Editor’s Note—This is the first of two stories about Deerfield’s Starland Creativity Center. This one describes some of what the children learn. Next week will feature a story telling how founder Adam More, a Deerfield native, brought his dream to reality.
The honest innocence in the comments of the students at the in Deerfield gives a clear message the organization is fulfilling its mission.
Children from babies through middle school across the North Shore come to the Deerfield location to improve their skills in dance, drama, technology and other disciplines. The youngsters have been other places and know the difference.
Not everyone can be part of all of Starland’s activities. There is a rite of progression. A drama group will produce the “Phantom Tollbooth” April 20-22. The cast members are children from second through sixth grade who had to audition for their parts. They know what they have.
“It’s so original here,” Samara Kohn of Northbrook said. “I’ve done this in a lot of places where you get the part because of how old you are. Here you get it because you’re right for it. A second grader can get a lead.”
Handing out parts on talent and performance at an audition is not lost on the cast members. Rose Benensohn of Highland Park, like Kohn, appreciates what she has at Starland because she knows she has earned it.
“It made me feel really good because only at Starland you can get the part if you’re the youngest because you’re good at it,” Benensohn said of seeing her name on the cast list for “Phantom Tollbooth.”
Second Chances Come True
Instructor Elizabeth Mazur Levin of Highland Park, who is directing the production as part of the Starland staff, also understands the disappointment of students who are not selected. She gives them encouragement and points them to other Starland classes to polish their skills.
“Many of these kids know what it feels like not to be on the list,” Levin said of the class. One of those young people is Zoe Shiman of Northbrook. She is part of the Phantom Tollbooth cast but she has experienced not being selected making this opportunity special.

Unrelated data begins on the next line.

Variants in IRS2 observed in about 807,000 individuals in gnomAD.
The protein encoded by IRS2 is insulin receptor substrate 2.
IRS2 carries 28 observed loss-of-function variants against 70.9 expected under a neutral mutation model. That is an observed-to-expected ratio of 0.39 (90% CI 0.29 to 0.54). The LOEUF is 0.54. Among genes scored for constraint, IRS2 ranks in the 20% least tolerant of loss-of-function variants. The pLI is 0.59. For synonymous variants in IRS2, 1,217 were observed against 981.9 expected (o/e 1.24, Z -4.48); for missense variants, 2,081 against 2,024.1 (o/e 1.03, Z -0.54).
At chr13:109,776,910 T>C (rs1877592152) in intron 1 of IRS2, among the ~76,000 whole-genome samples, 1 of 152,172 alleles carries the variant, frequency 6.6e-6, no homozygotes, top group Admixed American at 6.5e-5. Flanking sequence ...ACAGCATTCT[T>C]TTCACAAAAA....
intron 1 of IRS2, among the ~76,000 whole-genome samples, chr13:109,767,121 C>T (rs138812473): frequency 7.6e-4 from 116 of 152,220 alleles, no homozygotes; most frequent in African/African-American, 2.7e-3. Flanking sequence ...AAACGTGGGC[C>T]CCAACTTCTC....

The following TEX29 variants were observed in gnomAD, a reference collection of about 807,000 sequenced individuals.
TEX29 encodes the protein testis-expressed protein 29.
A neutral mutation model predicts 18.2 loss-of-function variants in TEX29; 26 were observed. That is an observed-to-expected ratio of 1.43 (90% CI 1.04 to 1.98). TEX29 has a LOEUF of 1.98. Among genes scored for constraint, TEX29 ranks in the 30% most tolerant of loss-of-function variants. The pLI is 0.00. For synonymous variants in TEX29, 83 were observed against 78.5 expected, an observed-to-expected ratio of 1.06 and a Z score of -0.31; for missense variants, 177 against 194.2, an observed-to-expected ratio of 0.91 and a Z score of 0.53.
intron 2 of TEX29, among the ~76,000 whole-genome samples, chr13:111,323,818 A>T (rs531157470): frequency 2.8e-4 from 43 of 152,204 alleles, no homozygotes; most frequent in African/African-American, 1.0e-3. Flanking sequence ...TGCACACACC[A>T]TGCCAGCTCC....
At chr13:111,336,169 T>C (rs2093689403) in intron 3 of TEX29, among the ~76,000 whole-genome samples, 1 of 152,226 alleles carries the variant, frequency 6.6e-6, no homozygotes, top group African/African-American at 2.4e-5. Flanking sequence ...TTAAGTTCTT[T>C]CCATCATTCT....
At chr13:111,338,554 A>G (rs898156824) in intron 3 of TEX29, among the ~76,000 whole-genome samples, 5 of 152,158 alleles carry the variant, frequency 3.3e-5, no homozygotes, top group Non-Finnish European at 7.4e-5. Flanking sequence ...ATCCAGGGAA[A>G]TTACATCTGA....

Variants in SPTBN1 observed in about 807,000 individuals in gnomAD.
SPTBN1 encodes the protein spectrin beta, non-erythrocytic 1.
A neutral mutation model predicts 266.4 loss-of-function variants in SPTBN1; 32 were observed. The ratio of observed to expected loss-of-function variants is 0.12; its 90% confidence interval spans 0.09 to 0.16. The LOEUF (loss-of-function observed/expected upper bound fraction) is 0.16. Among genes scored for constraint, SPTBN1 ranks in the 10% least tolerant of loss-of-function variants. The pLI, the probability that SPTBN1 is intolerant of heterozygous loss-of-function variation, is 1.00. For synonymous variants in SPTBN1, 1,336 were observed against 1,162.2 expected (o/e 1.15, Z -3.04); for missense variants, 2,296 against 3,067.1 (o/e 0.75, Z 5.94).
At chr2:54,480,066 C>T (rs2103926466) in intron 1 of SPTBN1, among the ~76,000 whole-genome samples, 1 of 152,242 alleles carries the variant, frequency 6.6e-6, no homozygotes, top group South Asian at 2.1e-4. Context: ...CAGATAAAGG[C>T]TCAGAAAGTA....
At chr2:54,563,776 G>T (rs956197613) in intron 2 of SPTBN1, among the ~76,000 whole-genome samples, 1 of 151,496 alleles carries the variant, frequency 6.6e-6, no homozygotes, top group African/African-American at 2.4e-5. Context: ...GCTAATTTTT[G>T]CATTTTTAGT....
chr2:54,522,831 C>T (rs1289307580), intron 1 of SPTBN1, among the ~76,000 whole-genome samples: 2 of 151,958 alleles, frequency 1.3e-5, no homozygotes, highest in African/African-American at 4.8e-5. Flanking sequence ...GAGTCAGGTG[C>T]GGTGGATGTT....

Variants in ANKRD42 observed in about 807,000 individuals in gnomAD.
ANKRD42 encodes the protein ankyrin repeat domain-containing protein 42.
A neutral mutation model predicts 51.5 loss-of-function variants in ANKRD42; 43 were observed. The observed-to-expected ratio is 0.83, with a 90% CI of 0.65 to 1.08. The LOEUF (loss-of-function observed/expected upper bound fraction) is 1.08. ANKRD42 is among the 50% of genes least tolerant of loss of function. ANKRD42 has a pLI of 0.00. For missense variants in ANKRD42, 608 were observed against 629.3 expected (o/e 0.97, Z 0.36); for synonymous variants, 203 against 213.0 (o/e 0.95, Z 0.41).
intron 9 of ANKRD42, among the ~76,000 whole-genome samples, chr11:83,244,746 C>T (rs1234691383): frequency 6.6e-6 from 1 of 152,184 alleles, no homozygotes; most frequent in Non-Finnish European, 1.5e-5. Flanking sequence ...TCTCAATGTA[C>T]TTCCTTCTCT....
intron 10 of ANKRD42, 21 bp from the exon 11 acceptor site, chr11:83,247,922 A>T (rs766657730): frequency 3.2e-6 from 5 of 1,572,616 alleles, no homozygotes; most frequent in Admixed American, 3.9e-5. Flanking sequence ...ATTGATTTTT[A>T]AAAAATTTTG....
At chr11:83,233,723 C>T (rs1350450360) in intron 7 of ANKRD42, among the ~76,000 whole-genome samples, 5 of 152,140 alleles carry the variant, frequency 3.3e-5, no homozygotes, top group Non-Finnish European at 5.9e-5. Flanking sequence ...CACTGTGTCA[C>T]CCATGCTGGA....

“When I saw my name not on the list (for a different show) I was depressed. They told me what I needed to do and I took more classes,” Shiman said. “It felt really good because I accomplished all the goals I worked for,” she added referring to her selection for the current play.
Not everyone comes to Starland for fine arts. sixth grader Aaron Cohen had two weeks between the end of summer camp and the start of school. He did not want to spend the time staying home so he enrolled in a Starland tech arts class learning computer programming.
“We learned how to drag blocks to make a program,” Cohen said. “I was already tech savvy so I decided to do it.” Little did he know the work at Starland would set him apart from other students in a computer class he took in the fall at Caruso.
Since Cohen already knew the program the Caruso class was using, he finished the assignment quickly and found himself assisting the teacher by helping other classmates. “I felt empowered by people looking up to me,” he said. “It was cool.”
Another selective group at Starland is the competitive dance team taught and coached by Nook E. X. He has headed the team for the least three years where it has finished second and third in competitions but never first in hip hop dancing. They want to change that.
“Our goal is to win every competition,” Nook said of the five planned this year. “If we work together we’ll be A-OK.”
Nook has put together a group of enthusiastic participants. They have developed an appreciation of the medium and its cultural significance.
“He (Nook) does it in a way it’s really fun. We see different techniques,” Sarah Schaffel of Deerfield said. “In Deerfield and Highland Park we don’t see this (kind of dancing). We’ve really developed it and expect more.”
Grace Vani of Deerfield appreciates the technique Nook has implemented in her art and the attitude he has helped her develop. “Nook is really good the way he picks us up,” she said. “He’s done a lot for my dancing.”